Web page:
Team Brings Piccolo PDA Closure to the Bedside
Since its approval in 2019, the Amplatzer Piccolo Occluder has been a game-changer—allowing teams to close a patent ductus arteriosus (PDA) in premature babies in a minimally invasive way.
But there’s one problem: Some babies are too sick to be moved to a catheterization lab for the procedure.
Now, a new protocol at Children’s Hospital Los Angeles is allowing patients to receive the device at the bedside—without ever leaving their room in the Steven & Alexandra Cohen Foundation Newborn and Infant Critical Care Unit (NICCU).
“It’s much better and safer for the babies to keep them at the bedside,” says Patrick Sullivan, MD, an interventional cardiologist in the Heart Institute at CHLA. “Instead of bringing babies to the Cath Lab, we bring the Cath Lab to the NICCU.”
Keys to success
Many babies who need PDA closure are extremely premature, with a gestational age as young as 22 weeks. Although some are more fragile than others, all have special needs.
“It’s critical to keep their temperature and ventilator settings stable,” explains Jennifer Shepherd, MD, a neonatologist in CHLA’s Fetal and Neonatal Institute. “Any small stress or movements—such as transporting a baby down several long hallways and riding in an elevator to and from the Cath Lab—can put them at risk for a brain bleed or losing their endotracheal tube or IV lines.”
Drs. Sullivan and Shepherd led a multidisciplinary team that developed a way to safely bring the intricate Piccolo procedure to a baby’s bedside. The team also involved Darren Berman, MD, Shahab Noori, MD, MS, Rachel Chapman, MD, pediatric cardiac anesthesiologists, sonographers, echocardiography specialists, Cath Lab techs, neonatal nurses, respiratory therapists and more.
The CHLA protocol includes several key elements:
- Mobile imaging. X-ray video guidance is critical for the safety and success of the procedure. To replicate this imaging at the bedside, the team brings a portable mini C-arm X-ray machine into the NICCU. The machines were already available in the hospital because they are used by various surgical teams.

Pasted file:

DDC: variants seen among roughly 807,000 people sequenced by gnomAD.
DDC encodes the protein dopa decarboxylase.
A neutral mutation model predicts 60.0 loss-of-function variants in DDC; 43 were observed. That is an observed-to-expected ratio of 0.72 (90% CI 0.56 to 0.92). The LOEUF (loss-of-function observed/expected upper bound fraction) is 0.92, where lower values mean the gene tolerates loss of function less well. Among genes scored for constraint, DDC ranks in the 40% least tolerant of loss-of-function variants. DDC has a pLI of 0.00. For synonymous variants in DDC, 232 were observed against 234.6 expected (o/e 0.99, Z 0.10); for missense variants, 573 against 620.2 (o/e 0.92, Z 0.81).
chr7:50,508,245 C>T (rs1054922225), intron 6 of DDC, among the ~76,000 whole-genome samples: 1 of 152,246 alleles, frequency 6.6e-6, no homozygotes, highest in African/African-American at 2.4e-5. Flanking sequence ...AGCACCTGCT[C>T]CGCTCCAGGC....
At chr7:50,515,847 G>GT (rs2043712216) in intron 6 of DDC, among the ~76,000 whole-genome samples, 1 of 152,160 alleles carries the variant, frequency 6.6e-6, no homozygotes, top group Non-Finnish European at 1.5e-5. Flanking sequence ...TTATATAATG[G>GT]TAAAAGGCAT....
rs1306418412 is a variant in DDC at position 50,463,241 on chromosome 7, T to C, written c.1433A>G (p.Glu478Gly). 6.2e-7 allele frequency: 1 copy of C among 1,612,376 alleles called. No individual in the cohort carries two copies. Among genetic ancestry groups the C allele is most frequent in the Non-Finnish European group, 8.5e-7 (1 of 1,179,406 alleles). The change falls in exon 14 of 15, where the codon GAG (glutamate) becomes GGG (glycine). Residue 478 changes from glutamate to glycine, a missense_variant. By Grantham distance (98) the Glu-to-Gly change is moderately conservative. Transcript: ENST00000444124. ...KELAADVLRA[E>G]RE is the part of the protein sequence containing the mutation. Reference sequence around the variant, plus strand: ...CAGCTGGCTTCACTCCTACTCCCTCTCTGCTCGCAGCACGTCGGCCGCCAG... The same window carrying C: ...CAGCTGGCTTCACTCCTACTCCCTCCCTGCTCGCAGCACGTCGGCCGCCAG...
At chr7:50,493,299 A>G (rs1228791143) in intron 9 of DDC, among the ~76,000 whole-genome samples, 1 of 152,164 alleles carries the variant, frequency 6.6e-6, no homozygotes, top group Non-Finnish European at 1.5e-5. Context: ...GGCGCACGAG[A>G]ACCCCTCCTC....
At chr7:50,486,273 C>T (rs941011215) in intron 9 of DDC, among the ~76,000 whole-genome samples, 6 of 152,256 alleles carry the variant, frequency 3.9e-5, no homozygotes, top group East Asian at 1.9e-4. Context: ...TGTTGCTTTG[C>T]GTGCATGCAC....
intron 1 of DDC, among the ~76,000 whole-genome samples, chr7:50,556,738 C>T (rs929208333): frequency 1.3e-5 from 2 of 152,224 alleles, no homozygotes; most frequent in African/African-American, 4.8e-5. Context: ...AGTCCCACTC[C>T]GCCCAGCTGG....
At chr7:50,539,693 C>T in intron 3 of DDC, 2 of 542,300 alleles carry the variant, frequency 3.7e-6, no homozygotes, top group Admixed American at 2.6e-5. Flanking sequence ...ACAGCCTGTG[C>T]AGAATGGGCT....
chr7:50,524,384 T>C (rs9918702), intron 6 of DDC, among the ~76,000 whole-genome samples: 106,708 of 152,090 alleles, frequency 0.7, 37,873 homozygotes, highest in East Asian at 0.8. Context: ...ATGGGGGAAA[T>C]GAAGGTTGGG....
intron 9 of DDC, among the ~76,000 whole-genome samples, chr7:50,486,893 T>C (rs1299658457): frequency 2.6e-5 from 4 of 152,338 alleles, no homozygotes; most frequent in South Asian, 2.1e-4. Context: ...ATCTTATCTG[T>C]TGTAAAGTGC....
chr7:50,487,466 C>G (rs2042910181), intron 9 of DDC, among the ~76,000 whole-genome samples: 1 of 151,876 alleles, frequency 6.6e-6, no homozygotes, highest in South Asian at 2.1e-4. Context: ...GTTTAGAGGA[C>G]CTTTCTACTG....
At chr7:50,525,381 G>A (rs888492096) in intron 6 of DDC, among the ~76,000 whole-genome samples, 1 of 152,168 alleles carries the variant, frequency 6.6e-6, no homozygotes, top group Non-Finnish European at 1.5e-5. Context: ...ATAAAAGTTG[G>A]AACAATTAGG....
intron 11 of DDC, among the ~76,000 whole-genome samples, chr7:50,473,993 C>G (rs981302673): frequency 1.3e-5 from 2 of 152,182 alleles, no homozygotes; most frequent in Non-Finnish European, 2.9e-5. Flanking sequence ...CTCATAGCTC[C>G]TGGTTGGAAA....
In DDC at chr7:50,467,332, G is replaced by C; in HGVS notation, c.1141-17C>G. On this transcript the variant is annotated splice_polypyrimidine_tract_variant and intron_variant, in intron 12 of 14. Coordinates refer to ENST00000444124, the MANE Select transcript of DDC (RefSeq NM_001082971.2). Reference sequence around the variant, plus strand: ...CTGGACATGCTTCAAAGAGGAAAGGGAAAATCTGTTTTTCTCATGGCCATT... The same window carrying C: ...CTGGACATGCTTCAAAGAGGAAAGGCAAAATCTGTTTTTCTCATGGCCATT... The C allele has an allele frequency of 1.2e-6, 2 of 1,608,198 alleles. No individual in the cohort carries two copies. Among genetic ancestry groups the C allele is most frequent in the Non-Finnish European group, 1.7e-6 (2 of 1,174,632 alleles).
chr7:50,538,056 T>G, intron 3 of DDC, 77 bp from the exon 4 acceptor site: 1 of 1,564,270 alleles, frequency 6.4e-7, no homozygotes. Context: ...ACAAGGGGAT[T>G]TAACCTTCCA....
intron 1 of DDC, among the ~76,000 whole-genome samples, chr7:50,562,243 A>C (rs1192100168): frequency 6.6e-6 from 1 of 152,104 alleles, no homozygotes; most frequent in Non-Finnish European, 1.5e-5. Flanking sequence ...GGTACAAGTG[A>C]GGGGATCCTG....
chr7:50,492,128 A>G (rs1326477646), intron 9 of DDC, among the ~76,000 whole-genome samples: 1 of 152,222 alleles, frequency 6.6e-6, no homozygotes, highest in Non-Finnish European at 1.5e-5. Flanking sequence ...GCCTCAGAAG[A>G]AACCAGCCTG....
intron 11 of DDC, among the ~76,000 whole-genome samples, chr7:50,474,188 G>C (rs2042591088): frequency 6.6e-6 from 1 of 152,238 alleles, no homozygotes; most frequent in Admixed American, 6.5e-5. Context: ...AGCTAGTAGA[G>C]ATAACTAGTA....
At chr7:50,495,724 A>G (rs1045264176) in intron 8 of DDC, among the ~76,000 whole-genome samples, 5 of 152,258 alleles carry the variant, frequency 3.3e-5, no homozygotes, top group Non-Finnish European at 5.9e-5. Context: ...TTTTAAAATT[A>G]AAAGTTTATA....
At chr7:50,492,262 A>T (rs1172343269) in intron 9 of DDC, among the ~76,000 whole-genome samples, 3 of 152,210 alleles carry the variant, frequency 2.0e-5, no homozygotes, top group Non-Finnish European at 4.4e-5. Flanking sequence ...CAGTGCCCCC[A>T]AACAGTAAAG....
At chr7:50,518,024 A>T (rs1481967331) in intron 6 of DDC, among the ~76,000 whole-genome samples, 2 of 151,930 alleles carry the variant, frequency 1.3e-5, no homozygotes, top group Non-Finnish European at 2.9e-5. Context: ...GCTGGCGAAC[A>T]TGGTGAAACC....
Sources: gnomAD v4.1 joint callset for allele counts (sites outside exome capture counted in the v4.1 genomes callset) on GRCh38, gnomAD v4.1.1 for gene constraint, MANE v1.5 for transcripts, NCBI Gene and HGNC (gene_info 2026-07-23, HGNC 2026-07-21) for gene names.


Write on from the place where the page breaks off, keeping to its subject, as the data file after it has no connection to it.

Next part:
Special procedure table. Because the NICCU beds contain metal, the C-arm X-ray machine cannot be used directly on the isolette. Instead, the team uses a special procedure table previously used by the Interventional Radiology group.
The team will soon begin using a portable fluoroscopy machine that fits directly in the NICCU isolettes. This machine will replace the mini C-arm X-ray and allow babies to stay in their isolettes.
- The right room. Larger, double rooms more easily fit all the needed equipment and team members. The NICCU staff ensures that babies who may need PDA closure are placed in these larger rooms as soon as they arrive at the hospital. This eliminates the need to change rooms later.
- Temperature control. The room is kept at a balmy 80 degrees during the procedure to keep the baby’s temperature stable.
‘A huge benefit’
The team performed its first bedside Piccolo PDA closure in July. It has now completed 10 of these closures in the NICCU, and all have gone smoothly.
“Every Piccolo procedure is now done at the bedside,” Dr. Sullivan says. “We have become very comfortable with this setup, very quickly. It’s been a tremendous effort that has involved our entire Heart Institute and NICCU teams.”
Keeping babies in the NICCU also means that neonatologists and other specialists are nearby if needed, Dr. Shepherd adds.
“It was initially a challenge to accommodate the Cath Lab equipment and personnel,” she notes. “But it’s turned into a huge benefit. We don’t have to move the baby, and all our NICCU resources—from neonatologists to nurses to respiratory therapists—are readily available.”
Children’s Hospital Los Angeles is also participating in a multicenter randomized clinical trial that is comparing Piccolo PDA closure to conservative management.
An open ductus can result in too much blood flow to the lungs, leading to heart failure and increasing the need for ventilatory support. Still, PDA closure has been controversial among neonatologists—largely because traditional surgical approaches created significant stress for babies.
“We believe that closing the PDA in a minimally invasive way—and without the risks of transporting the patient—most likely benefits the baby,” says Dr. Sullivan. “This trial will help answer that important question. We are excited to participate in these studies and to offer the least invasive options for these fragile babies.”